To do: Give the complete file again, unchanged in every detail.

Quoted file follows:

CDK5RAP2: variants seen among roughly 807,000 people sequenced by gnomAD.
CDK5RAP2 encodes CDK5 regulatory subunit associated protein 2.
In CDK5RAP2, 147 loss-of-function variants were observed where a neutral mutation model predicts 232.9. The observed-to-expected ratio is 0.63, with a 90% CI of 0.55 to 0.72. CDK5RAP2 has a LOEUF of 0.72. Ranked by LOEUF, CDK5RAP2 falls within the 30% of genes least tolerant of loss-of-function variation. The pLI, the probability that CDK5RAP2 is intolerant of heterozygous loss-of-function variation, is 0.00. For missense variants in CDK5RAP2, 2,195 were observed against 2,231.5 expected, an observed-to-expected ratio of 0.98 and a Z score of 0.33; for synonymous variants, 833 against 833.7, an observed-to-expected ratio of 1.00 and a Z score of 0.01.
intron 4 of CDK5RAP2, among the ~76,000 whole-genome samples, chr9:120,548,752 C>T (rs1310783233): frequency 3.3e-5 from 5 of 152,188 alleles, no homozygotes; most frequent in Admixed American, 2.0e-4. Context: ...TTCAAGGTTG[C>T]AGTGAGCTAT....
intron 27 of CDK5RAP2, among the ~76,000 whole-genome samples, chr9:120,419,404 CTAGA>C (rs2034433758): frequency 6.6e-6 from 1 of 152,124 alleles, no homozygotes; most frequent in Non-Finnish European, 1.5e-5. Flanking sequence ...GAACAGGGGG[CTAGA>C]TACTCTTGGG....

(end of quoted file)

CDK5RAP2: variants seen among roughly 807,000 people sequenced by gnomAD.
CDK5RAP2 encodes CDK5 regulatory subunit associated protein 2.
In CDK5RAP2, 147 loss-of-function variants were observed where a neutral mutation model predicts 232.9. The observed-to-expected ratio is 0.63, with a 90% CI of 0.55 to 0.72. CDK5RAP2 has a LOEUF of 0.72. Ranked by LOEUF, CDK5RAP2 falls within the 30% of genes least tolerant of loss-of-function variation. The pLI, the probability that CDK5RAP2 is intolerant of heterozygous loss-of-function variation, is 0.00. For missense variants in CDK5RAP2, 2,195 were observed against 2,231.5 expected, an observed-to-expected ratio of 0.98 and a Z score of 0.33; for synonymous variants, 833 against 833.7, an observed-to-expected ratio of 1.00 and a Z score of 0.01.
intron 4 of CDK5RAP2, among the ~76,000 whole-genome samples, chr9:120,548,752 C>T (rs1310783233): frequency 3.3e-5 from 5 of 152,188 alleles, no homozygotes; most frequent in Admixed American, 2.0e-4. Context: ...TTCAAGGTTG[C>T]AGTGAGCTAT....
intron 27 of CDK5RAP2, among the ~76,000 whole-genome samples, chr9:120,419,404 CTAGA>C (rs2034433758): frequency 6.6e-6 from 1 of 152,124 alleles, no homozygotes; most frequent in Non-Finnish European, 1.5e-5. Flanking sequence ...GAACAGGGGG[CTAGA>C]TACTCTTGGG....